The Third Reich has surely been the subject of more books and articles than any other topic in European history. Although it is certainly possible to imagine new discoveries of relatively minor features of Nazism or of the Nazi period, it is difficult to imagine someone uncovering facts about National Socialism that are both new and significant.
However, a young German scholar, Stefan Ihrig, educated in Britain, has done just that. He has discovered the important role played by Kemal Atatürk and Atatürk’s Turkey in the Nazi imagination. Ihrig’s book, which focuses first on the early 1920s and then on the Third Reich, is based on his reading of the public statements and written expressions of leading Nazis relating to Turkey, and even more on his exhaustive examination “of thousands of articles from German newspapers from the early 1920s and the Third Reich.”
Ihrig argues that the Nazis, including Adolf Hitler, saw and presented Turkey under the leadership of Kemal Atatürk as an inspiration and a model for the new Reich they sought to create in Germany—first, during the early years of the Weimar Republic, and then during the Third Reich itself. Despite the fact that Turkey was initially neutral and ultimately joined the war against Germany on the side of the Allies in World War II, Nazi leadership and the Nazi press remained sympathetic to Atatürk and Atatürk’s Turkey until the Third Reich’s bitter end.
The Ottoman Empire had long been an object of “orientalist” fascination for Germans. Despite its apparent exoticism, however, the empire was regarded as Germany’s natural ally, particularly during the reign of Kaiser Wilhelm II. The relationship culminated in Turkey’s alliance with Germany in the First World War.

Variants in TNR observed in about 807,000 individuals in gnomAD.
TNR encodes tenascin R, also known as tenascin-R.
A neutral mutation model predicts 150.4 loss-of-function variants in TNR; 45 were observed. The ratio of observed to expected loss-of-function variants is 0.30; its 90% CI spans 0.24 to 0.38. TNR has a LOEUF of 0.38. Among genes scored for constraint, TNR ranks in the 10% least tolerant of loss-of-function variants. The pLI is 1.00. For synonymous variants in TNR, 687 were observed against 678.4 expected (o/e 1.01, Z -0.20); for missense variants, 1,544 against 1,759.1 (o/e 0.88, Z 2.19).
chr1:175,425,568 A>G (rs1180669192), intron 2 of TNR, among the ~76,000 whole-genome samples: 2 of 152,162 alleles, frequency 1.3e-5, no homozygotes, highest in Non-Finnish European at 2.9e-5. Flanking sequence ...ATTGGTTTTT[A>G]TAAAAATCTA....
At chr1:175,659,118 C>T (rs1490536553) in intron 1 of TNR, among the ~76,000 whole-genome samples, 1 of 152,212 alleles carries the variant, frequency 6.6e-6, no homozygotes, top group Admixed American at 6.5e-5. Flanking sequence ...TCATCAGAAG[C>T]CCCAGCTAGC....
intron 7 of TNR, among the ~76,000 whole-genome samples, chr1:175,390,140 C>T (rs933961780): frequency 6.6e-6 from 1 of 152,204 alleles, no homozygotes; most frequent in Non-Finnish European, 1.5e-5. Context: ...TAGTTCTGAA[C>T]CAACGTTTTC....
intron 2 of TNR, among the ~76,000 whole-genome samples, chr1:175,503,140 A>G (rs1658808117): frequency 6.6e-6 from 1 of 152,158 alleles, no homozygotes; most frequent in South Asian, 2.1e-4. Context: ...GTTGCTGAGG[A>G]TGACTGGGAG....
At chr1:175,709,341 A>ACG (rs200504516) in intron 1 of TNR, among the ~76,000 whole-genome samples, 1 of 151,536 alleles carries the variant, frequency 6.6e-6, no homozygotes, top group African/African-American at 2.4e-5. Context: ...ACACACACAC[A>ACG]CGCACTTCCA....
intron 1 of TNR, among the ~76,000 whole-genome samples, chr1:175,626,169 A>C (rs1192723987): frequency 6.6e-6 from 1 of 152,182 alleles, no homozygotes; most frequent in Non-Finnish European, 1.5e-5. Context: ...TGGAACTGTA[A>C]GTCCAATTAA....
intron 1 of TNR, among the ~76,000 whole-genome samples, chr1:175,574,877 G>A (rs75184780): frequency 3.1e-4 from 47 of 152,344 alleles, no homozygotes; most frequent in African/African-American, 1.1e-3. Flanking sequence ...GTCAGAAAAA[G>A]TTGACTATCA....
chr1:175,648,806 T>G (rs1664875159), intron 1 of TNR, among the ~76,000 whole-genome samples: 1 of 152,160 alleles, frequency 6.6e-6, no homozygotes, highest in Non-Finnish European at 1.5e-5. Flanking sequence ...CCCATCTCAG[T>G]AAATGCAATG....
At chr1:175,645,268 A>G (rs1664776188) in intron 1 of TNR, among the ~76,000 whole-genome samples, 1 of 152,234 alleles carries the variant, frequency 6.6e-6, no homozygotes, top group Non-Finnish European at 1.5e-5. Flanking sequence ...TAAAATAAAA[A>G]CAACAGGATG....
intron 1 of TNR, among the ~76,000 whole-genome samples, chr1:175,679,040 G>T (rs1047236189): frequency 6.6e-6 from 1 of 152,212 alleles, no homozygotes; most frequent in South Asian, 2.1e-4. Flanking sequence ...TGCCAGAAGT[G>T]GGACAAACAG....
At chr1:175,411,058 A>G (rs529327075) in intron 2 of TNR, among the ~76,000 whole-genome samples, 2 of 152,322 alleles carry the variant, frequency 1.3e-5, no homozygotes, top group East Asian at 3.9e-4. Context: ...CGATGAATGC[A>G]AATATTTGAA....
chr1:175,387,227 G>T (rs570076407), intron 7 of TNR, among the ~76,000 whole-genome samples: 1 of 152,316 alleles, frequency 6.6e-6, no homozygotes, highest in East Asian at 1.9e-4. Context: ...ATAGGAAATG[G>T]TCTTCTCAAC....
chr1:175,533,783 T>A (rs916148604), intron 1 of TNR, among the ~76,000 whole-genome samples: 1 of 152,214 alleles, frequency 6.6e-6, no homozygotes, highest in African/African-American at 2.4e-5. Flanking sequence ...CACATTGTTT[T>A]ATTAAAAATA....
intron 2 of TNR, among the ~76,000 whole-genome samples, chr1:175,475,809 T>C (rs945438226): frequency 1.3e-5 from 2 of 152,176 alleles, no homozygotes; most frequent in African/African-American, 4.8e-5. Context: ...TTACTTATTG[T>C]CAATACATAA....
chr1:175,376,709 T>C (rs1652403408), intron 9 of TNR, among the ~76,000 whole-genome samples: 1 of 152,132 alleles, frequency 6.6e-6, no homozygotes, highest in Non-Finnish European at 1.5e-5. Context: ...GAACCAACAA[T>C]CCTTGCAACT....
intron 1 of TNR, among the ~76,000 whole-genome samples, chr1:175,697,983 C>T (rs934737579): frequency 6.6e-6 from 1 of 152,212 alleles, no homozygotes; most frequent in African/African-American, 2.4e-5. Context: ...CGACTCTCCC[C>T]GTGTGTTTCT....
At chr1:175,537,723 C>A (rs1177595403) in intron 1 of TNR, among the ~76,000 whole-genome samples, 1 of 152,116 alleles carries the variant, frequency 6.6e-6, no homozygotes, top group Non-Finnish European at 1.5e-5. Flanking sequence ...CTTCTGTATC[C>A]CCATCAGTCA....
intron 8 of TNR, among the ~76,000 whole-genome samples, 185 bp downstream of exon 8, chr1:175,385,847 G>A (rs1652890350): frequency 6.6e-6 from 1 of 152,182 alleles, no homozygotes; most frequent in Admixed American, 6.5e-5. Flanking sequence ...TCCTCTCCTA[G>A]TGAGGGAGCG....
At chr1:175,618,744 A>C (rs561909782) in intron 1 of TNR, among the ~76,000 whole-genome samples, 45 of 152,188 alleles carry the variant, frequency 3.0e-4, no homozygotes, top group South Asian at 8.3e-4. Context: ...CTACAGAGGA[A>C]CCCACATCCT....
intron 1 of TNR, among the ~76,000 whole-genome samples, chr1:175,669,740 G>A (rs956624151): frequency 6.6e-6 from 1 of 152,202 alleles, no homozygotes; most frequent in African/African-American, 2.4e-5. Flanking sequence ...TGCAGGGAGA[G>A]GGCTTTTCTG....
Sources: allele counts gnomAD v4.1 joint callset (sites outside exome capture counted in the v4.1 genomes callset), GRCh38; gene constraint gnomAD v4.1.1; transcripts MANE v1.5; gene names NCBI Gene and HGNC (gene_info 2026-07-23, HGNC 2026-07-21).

Nevertheless, it was the Turkish war of independence, which began in May 1919 and ended in mid-1923, that made Turkey and Mustafa Kemal heroic exemplars for Germans. The war established the boundaries of modern Turkey and, most significantly for the Germans, resulted in the revision (in the Treaty of Lausanne) of the “Turkish Versailles,” the 1920 Treaty of Sèvres, which had dismembered the Ottoman Empire, leaving Turkey something of a rump state. Turkey’s revision of a humiliating treaty, and the attendant nationalist revival in Turkey under the leadership of Mustafa Kemal, became (in Ihrig’s words) a “major Weimar media event” during the early years of the shamed, “desperate and desolate” republic.
A resurrected and revitalized Turkey was held up as a “role model” for Germany, and Kemal was celebrated as a nationalist hero, particularly in newspapers on the far right of the political spectrum. Rather than being seen as exotic or oriental, Turkey was now portrayed as “similar, and comparable to Germany” in the nationalist press. If Turkey could achieve the revision of a humiliating peace treaty and produce an authoritarian, inspiring leader to resurrect the nation, then Germany could as well.
There were a number of right-wing enemies of the Weimar Republic who saw themselves as potential “German Mustafas”—Adolf Hitler not least among them. Based on his reading of the Nazi press in the period before November 9, 1923, Ihrig boldly claims that Hitler’s failed putsch attempt in Munich on that date “was inspired much more by Mustafa Kemal and the events in Anatolia than by the example of Mussolini’s ‘March on Rome.’ ” Indeed, according to Ihrig, Atatürk’s critical influence on Hitler’s thought and action has generally been overlooked in historical literature in favor of that of Mussolini.
Ihrig contends that “Mustafa Kemal Pasha must have been a key influence in the evolution of Hitler’s ideas about the modern Führer and about himself as a political leader” during the early 1920s. The fact that the Nazi press and Hitler spoke favorably about Atatürk and the Young Turk revolution does not necessarily mean that the actions of the Nazis and of the future Führer were inspired by them, or even that Atatürk was more important than Mussolini in the Nazi imagination. Nevertheless, Ihrig presents convincing evidence that Atatürk’s “Turkish example” was important to the Nazis and to Hitler in the first years of the Weimar Republic—that they hoped to achieve in Germany what they perceived to have been Atatürk’s accomplishments in Turkey, and even that there was “a Turkish, Kemalist dimension” to Hitler’s 1923 coup attempt.